Throughout the episode, Bryant's tactical acumen was on high display. For instance, Bryant mentioned that during one offseason he played some one on one games versus Reggie Miller. For Bryant, these were not casual encounters but rather an opportunity to scout Miller's tendencies at both ends of the court, information that Bryant exploited in the 2000 Finals when his Lakers defeated Miller's Indiana Pacers.

Bryant stated that he feels that the Lakers' loss to the Detroit Pistons in the 2004 Finals was his fault because he did not teach Malone and Payton how to run "our automatics." Bryant broke down Detroit's strategy during that series: the Pistons pressured the ball full court, forced O'Neal up the lane/off of the low post and disrupted the timing of the Lakers' offense, forcing the Lakers to work against the clock. Some would argue that Detroit's Larry Brown outcoached the Lakers' Phil Jackson during that series. Years ago, in an exclusive interview, Joe Caldwell--who played for Coach Larry Brown in the ABA--had told me much the same things that Bryant said about Detroit's game plan during that series.

In the summer after that Finals loss, O'Neal loudly and publicly demanded during a preseason game that Lakers' owner Jerry Buss "Pay me." Buss responded by dealing O'Neal to the Miami Heat, wisely betting that short-term suffering during the rebuilding process would be rewarded by championships won with Bryant at the helm.
O'Neal and Bryant talked about their championship ring totals and how Bryant ultimately finished with one more than O'Neal. Bryant stated that he knew that O'Neal would win at least one ring in Miami and Bryant said that he even hoped for that, because he could use it as motivation to win two or three more of his own so that he would end up on top in their personal rivalry. Bryant noted that he never felt like a sidekick during the Lakers' "three-peat" and that such a label is unfair in any case: Michael Jordan never even won a playoff series without Scottie Pippen, nor did Magic Johnson win a single NBA title without having Kareem Abdul-Jabbar as a teammate.

Thus, the 2010 title that vaulted Bryant ahead of O'Neal was perhaps the most meaningful one for Bryant, particularly since at came at the hand of the hated (and stacked) Boston Celtics while Bryant was battling an assortment of injuries (including a broken finger on his shooting hand and ankle bone spurs that required multiple injections) that would have sidelined a lesser player/competitor.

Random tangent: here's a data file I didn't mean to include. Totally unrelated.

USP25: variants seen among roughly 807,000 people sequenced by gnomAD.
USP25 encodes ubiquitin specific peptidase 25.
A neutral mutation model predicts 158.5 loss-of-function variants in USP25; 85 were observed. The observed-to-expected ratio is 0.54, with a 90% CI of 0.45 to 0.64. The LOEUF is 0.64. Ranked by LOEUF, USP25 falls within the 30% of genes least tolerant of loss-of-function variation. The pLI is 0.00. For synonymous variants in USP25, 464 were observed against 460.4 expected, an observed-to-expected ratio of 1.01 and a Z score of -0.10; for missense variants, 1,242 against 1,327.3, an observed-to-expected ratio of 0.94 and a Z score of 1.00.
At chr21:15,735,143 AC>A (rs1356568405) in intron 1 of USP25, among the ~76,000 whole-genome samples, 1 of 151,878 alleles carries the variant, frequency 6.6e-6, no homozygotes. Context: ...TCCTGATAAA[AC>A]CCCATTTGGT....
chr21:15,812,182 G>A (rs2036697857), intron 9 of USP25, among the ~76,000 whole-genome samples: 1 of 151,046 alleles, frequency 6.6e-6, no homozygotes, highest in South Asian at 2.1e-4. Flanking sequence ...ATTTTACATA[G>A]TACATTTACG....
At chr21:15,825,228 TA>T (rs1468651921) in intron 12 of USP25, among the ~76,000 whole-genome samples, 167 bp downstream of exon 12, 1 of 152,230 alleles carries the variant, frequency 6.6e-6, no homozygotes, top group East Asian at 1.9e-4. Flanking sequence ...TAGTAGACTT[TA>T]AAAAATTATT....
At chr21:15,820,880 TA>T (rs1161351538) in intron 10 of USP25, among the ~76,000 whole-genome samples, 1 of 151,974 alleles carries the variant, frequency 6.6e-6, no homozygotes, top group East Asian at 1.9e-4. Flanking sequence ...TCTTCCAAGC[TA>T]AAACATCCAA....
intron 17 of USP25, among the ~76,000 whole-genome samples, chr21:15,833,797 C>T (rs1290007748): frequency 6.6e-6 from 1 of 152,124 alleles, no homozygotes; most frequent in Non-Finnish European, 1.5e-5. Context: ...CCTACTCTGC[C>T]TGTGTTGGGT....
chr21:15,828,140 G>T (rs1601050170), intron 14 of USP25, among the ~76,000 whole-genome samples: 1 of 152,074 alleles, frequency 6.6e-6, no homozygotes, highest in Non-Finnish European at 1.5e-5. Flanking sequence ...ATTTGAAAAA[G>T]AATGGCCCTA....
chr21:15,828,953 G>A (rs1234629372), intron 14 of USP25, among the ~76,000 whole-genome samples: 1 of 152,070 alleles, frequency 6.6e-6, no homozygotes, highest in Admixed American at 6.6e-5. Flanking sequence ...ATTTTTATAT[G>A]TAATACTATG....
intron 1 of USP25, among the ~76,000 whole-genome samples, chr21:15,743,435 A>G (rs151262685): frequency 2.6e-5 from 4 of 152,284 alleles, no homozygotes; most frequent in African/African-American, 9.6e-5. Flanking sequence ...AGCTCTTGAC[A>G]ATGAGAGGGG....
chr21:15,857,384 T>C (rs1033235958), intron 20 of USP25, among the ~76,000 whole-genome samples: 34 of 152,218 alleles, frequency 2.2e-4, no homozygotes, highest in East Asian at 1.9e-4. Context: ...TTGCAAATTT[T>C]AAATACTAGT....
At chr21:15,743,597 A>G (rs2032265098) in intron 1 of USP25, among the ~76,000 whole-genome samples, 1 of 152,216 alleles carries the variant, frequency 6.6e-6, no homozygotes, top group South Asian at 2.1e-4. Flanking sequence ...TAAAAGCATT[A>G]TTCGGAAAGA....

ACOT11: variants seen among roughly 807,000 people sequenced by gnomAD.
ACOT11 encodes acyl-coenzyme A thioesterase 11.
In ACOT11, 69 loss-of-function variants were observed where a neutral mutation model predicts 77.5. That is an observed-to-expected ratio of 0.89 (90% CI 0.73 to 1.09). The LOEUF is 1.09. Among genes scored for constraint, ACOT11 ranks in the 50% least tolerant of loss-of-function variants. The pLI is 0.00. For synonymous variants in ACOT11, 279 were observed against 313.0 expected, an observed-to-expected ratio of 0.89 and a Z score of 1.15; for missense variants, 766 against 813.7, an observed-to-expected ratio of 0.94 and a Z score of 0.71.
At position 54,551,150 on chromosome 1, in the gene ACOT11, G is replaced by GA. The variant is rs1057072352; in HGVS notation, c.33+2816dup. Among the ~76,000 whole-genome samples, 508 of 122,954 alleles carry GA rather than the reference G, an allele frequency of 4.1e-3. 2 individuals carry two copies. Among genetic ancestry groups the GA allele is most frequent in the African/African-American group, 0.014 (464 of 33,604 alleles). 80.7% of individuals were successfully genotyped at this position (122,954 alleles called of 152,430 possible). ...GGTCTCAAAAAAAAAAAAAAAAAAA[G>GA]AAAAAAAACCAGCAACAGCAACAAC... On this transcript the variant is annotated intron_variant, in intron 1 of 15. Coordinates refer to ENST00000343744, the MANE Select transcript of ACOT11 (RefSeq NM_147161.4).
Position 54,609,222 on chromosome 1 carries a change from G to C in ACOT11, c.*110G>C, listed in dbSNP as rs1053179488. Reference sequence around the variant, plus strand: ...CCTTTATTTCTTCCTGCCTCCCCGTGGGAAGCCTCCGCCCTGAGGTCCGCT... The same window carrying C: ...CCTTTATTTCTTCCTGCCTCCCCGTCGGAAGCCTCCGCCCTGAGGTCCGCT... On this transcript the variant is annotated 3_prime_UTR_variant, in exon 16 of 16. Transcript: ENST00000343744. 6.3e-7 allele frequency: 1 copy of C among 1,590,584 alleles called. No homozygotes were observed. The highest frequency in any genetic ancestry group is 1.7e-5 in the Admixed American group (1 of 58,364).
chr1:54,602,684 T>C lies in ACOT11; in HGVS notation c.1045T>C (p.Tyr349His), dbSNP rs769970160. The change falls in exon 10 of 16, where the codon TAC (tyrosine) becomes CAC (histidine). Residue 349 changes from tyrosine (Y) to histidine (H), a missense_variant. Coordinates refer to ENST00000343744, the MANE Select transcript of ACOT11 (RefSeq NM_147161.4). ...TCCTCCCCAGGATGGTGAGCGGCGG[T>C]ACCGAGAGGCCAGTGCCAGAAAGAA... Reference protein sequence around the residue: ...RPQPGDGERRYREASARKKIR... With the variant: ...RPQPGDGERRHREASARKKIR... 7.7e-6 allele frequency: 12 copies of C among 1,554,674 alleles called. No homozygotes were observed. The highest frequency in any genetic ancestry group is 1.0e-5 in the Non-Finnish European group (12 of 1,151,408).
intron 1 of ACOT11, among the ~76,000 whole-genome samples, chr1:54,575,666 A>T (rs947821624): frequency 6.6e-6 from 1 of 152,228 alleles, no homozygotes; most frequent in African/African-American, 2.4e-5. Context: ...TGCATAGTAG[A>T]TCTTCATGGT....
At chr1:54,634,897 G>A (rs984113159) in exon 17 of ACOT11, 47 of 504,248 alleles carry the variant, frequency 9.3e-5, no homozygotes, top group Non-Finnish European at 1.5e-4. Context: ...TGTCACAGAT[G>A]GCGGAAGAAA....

O'Neal admitted, "I tore my house up" after Bryant won his fifth championship ring.

By that time, though, the two former teammates had already begun their rapprochement, a process hastened by the 2009 NBA All-Star Game. Bryant and O'Neal were teammates for the first time in five years and they shared All-Star Game MVP honors while leading the West to victory. Bryant told O'Neal to take the MVP trophy home and give it to his son, a gesture that touched O'Neal deeply. O'Neal told Bryant during the episode, "I realized, ‘I think I may have messed something up׳...when you did that and you didn't have to do that...I said to myself, 'Luckily, I won three out of four with this guy but I was an a—hole to this guy.' So, I owe you an apology and I am going to give you an apology but we ain't going to be doing all that crying like Magic and Isiah."
The O'Neal-Bryant feud had featured a lot of nonsense--most of it emanating from O'Neal (as his apology tacitly concedes) and fueled by media members who liked the gregarious O'Neal more than they liked Bryant. The feud probably reached the height--or depth--of foolishness with O'Neal's anti-Bryant diss rap. O'Neal called that whole situation the beginning of the "snitcher-net" and said that he was being silly in an "underground comedy club," with no idea that his comments would receive national attention. Bryant laughed off the incident at the time and he laughed it off again during this reunion, though he admitted that in the moment he used it as further motivation. 

O'Neal and Bryant did not grow up together prior to joining the NBA like Isiah and Magic did, nor did they ever have the kind of off court bond that Isiah and Magic share. Nevertheless, they coexisted together well enough and long enough to establish a legacy that few duos in league history can match--and they both have matured enough to facilitate personal reconciliation.

Labels: , , ,

posted by David Friedman @ 5:07 AM



Post a Comment

<< Home